Our friends promised to help us if they could, and when we’ve needed to lean on them they haven’t let us down. One of my lovely friends happened to visit us one day when I was in the throes of one of my migraine attacks. Despite having two children of her own at home, she stayed with us and made sure we were ok. Another friend, who lived closer to Newcastle than us, brought Son Number One porridge sachets one cold winter night when the city centre supermarkets were shut and it was all he wanted to eat. Local friends and neighbours have babysat for the Middle Miss without hesitation. One dear friend used to drop by unexpectedly with delicious, home made casseroles for our freezer. I feel like an Oscar recipient now (sniffles) “I’d like to thank anyone I’ve missed out – I love you all”.

When things were at their most difficult, I asked for some help from Rainbow Trust. Our CLICSargent social worker referred us and it was one of the best things we did. Once a week one of Rainbow Trust’s support workers would come to visit. She was a big hit with both the children from the start. She took Middle Miss out to local soft play areas so that I could completely focus on Son Number One’s needs. When he was feeling better she took them both and gave me a few hours alone. There was one occasion when she came and the Husband was at home too. I felt quite guilty that we had taken her time up  unnecessarily but she said we should just enjoy having someone else around caring for the children and relax. If you ever get the chance to support Rainbow Trust, please do. They look after families with seriously sick children, whatever the illness.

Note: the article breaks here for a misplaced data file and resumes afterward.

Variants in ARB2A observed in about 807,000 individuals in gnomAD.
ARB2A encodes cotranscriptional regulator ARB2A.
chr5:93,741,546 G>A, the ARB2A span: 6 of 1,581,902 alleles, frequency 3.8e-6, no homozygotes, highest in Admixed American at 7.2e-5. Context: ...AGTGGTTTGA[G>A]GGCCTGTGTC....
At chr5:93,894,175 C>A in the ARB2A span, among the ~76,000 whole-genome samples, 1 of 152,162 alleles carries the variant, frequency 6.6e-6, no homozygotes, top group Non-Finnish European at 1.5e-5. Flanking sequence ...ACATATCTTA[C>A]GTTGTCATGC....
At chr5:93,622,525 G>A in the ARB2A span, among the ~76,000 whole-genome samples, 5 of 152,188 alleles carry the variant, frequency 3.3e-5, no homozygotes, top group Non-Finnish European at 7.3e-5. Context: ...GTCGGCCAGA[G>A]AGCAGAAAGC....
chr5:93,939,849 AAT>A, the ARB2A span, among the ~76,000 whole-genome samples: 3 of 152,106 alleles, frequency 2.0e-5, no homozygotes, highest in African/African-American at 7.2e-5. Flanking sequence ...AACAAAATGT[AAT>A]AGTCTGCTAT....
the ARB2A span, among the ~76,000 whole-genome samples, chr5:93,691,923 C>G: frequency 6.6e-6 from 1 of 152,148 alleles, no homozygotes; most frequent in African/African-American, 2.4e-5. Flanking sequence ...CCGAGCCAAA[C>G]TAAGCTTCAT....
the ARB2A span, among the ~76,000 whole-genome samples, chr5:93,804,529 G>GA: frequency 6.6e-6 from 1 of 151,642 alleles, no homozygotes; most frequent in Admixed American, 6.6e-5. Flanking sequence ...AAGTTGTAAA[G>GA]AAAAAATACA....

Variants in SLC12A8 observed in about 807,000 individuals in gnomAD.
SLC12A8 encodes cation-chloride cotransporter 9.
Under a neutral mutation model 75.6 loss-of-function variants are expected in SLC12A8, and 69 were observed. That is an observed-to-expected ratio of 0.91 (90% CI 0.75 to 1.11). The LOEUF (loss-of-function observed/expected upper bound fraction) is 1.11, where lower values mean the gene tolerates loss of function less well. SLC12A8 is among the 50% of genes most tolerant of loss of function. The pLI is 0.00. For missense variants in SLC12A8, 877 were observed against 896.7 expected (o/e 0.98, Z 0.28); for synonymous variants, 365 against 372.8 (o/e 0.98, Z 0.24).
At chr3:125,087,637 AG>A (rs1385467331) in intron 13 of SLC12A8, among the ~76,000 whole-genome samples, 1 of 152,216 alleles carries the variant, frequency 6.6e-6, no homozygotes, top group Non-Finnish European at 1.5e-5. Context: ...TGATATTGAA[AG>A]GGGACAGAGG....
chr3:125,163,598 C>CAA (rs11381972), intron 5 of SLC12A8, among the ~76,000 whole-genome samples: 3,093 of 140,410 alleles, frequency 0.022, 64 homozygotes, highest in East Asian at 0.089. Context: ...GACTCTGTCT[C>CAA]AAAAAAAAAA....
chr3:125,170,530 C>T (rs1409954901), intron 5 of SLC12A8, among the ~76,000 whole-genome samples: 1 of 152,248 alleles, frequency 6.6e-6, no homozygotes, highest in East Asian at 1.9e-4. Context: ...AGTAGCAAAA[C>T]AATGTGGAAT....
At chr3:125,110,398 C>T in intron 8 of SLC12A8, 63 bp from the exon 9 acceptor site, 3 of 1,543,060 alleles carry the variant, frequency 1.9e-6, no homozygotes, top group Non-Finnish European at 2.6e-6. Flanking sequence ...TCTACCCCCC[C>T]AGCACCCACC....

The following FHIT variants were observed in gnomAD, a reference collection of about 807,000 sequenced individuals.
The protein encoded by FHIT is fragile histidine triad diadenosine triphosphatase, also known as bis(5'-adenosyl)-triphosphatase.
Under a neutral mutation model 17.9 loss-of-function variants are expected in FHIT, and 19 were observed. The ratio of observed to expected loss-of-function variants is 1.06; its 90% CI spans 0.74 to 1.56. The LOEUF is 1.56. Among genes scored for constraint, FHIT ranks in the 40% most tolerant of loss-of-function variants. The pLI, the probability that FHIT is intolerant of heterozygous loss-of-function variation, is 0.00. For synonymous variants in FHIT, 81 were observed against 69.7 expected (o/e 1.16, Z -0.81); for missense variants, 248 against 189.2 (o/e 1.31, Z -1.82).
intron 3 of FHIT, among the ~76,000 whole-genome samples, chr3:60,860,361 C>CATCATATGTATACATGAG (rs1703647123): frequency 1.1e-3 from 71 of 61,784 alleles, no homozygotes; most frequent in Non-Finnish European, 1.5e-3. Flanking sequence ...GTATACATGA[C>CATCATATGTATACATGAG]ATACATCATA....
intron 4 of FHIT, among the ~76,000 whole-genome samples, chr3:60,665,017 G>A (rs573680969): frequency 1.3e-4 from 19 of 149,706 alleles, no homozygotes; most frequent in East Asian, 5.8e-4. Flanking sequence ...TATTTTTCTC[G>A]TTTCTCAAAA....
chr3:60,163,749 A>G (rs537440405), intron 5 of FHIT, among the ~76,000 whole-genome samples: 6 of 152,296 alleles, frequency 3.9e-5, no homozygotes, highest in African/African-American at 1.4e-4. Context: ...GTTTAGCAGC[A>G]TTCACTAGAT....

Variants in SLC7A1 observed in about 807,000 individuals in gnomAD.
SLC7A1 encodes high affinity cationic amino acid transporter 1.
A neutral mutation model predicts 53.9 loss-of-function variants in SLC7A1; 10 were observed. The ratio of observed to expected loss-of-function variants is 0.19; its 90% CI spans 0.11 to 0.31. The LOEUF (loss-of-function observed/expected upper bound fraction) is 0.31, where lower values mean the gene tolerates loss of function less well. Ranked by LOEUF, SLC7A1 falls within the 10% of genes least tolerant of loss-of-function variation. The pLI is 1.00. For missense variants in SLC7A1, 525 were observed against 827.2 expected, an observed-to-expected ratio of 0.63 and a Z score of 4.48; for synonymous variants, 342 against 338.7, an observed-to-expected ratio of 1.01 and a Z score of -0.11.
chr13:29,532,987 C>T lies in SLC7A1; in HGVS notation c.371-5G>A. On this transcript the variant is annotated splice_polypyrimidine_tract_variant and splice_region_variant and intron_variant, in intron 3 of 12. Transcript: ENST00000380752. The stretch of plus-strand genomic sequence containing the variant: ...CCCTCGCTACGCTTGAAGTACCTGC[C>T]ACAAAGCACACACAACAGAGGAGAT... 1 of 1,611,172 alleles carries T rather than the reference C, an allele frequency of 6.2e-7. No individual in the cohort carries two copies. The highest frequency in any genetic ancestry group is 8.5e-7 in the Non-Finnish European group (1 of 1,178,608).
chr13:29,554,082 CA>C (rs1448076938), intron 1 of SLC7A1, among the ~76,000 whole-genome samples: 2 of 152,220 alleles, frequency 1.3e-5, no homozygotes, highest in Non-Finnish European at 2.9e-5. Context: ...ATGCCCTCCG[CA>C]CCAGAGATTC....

On September 15th last year we celebrated Son Number One taking his last dose chemotherapy. That’s another date etched into my memory. We celebrated by taking him and his friends for a ‘Happy Meal’. Who was I to argue with such simple request when he’s put up with so much.

In a couple of weeks Son Number One should have his portacath (the device that sits under his skin and allows powerful drugs to be delivered, literally, to the heart of his circulatory system) accessed for the last time. This is a pretty uncomfortable procedure that he has learnt to tolerate over the last three and a half years. When he wakes up it will have been removed and another stage in recovery will begin. He has already changed so much since the chemo stopped. He has slimmed down, increased his energy levels and developed a massive appetite.

He will always have a few scars from his treatment, mainly physical I think. Hopefully, the pain and discomfort will soon be a fading memory. We will always wonder about the possibility of a relapse. It is very unlikely, but it could happen. Some families don’t get to the recovery stage. I’ve known two mothers who’ve lost their children to cancer. I can’t imagine how they coped.